THE BAD BATCH
starring Suki Waterhouse, Jason Momoa, Giovanni Ribisi, Keanu Reeves
written and directed by Ana Lily Amirpour
starring Anne Hathaway, Jason Sudeikis, Dan Stevens, Tim Blake Nelson
written and directed by Nacho Vigalondo
starring Natalie Portman, Peter Sarsgaard, Greta Gerwig, John Hurt
screenplay by Noah Oppenheim
directed by Pablo Larrain
by Bill Chambers Three very different #TIFF16 films--a postapocalyptic cannibal western (The Bad Batch), a modestly-scaled kaiju eiga (Colossal), and a period docudrama (Jackie)--form a trilogy in my mind thematically linked by crestfallen female protagonists who discover reserves of strength in dire situations. The Bad Batch is the only one of these movies directed by a woman, though, and dare I say you can tell, not only in how the camera softly caresses Jason Momoa's Olympian contours, but also in the way the framing and blocking of the heroine imply the constant peril of being a woman. Working through the neophyte filmmaker's genre playbook, director Ana Lily Amirpour follows up her vampire movie A Girl Walks Home Alone at Night with this dystopian flick most reminiscent of the Australian strain in terms of vibe/aesthetics, what with its shantytown sets, symbolic names, and obligatory feral child. (The only thing missing is a car fetish.) Winsome Arlen (Suki Waterhouse) is exiled to the other side of some Trumpian fence in Texas with only the clothes on her back and a tattoo that identifies her as an undesirable (or bad batch). Almost immediately she's dragged away to a cannibal camp, where they chop off her right arm. Missing a leg, too, by the time she escapes, she finds refuge--and prosthetic limbs--in the village of Comfort, whose denizens mostly give her space. Time and body-image issues stoke her desire for revenge, however, putting her on a collision course with Momoa's Miami Man, a brilliant sketch artist who's also a fearsome, unsympathetic consumer of human flesh.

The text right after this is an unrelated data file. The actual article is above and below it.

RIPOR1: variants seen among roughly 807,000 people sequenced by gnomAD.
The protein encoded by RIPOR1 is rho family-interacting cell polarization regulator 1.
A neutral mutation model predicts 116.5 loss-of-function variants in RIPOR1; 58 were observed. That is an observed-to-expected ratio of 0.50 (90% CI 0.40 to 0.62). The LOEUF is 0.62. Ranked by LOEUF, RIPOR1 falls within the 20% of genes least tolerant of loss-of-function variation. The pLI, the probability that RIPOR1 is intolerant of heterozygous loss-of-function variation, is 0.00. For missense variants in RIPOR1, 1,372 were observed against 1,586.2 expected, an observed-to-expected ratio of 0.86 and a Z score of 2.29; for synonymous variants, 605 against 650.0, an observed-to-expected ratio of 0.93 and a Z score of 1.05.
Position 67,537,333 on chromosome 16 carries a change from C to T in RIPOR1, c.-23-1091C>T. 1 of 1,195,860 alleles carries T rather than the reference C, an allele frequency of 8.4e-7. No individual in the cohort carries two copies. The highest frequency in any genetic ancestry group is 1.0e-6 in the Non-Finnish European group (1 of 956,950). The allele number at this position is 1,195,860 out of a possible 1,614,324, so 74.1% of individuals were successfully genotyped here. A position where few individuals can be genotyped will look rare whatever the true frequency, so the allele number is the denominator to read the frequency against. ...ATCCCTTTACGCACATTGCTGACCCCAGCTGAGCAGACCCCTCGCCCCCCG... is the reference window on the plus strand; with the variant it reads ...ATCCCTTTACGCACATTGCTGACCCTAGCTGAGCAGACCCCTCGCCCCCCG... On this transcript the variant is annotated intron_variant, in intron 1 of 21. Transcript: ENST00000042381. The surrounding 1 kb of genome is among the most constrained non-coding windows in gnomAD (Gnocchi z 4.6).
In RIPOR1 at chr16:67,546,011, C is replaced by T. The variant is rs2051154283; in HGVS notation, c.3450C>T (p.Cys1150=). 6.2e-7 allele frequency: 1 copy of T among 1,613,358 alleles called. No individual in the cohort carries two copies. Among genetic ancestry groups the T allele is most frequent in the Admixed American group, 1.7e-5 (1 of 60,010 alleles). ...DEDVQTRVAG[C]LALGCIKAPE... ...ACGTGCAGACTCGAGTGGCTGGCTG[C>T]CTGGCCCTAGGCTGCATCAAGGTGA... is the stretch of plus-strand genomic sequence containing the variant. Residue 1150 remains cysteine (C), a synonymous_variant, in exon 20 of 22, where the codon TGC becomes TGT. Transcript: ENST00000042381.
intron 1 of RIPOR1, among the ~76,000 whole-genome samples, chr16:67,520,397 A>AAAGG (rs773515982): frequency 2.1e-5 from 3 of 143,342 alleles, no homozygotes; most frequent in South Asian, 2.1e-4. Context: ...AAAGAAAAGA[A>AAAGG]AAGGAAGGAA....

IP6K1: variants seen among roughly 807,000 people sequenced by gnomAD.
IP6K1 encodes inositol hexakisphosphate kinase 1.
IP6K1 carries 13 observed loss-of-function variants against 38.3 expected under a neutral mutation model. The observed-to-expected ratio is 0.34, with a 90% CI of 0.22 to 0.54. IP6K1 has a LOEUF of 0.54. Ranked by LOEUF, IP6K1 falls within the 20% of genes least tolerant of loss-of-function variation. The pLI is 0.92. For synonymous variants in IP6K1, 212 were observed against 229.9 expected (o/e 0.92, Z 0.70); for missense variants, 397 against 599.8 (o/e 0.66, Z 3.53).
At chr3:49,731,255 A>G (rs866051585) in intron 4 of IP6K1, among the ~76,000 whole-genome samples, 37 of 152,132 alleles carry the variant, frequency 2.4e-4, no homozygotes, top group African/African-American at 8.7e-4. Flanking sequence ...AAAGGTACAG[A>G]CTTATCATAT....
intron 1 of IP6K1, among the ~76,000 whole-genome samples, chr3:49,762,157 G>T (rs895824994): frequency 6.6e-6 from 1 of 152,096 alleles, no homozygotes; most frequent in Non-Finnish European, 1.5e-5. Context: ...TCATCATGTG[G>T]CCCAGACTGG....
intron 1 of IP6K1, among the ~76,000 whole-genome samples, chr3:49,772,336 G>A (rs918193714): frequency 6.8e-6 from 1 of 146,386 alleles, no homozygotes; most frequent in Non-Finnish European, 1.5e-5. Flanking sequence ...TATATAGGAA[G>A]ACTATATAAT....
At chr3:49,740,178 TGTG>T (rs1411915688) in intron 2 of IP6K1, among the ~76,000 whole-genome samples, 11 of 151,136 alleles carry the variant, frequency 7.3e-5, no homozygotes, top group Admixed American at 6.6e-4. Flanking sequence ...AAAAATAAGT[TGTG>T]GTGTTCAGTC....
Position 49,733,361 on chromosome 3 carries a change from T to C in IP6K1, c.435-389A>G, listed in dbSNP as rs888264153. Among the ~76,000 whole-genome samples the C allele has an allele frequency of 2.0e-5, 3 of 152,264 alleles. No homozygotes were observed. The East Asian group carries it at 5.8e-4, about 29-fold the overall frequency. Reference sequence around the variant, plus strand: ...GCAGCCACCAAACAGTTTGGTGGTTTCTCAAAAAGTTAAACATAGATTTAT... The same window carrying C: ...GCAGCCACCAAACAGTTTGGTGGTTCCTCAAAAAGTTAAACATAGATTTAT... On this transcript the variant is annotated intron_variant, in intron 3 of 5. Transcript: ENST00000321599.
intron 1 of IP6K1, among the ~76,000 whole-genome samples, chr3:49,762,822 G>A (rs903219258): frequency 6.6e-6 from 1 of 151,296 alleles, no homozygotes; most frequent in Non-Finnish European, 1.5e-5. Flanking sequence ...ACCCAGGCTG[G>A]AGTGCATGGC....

It's plausible that Mad Max: Fury Road had a late but powerful influence on The Bad Batch, with details like its amputee heroine and Keanu Reeves's svengali The Dream, a more benign Immortan Joe with his own harem of pregnant women, suggesting the pop shrapnel that shows up in the shaggy-dog stories told by media-addled children, which Amirpour's screenplay in this finished state indeed resembles. But she is already such an adept visual storyteller that the real disappointment of The Bad Batch is its decision to start speaking after opening with a lengthy but ultimately misleading stretch of wordlessness. It's like watching a soufflé collapse, especially since Waterhouse and Momoa not saying anything allows us to pretend they're Gish and Valentino as opposed to former models in one of their more avant-garde runway shows. Suddenly, too, the picture turns into a Chatty Kathy about its themes and metaphors (particularly where The Dream is concerned), exposing their thinness. Downshifting to a more hallucinatory rhythm once Miami Man and Arlen finally meet, The Bad Batch is soporific enough without this tedious need to annotate its cleverness.
In her Twitter feed, Amirpour comes across as a hopeless romantic, if a scatologically-minded one. The amputations and cannibalism in The Bad Batch, though mainly conveyed through sound design, sent many at my press & industry screening gunning for the exits (they hadn't seen anything, i.e., Raw, yet), but deep down The Bad Batch is a geek-love thing about two misfits fated to be together. The perversity of the ending--Miami Man is essentially a more civilized Leatherface, contemplating a relationship with his supper--creates something of a frisson, but only in the rearview; in the moment, it merely feels inevitable. Still, the way that Arlen seems to always be in motion, propelling the camera alongside her, is fascinating for how it draws attention to the hazards she avoids by continuously moving, shark-like. (It's whenever she stops that she's captured, or needs rescuing.) These perilous little treks across the wasteland, a look of aloof alertness plastered on Arlen's face, have an allegorical quality that resonates in this era where women coveting their personal space is somehow controversial enough to inspire rebukes like this loathsome article. And did I mention the soundtrack is great?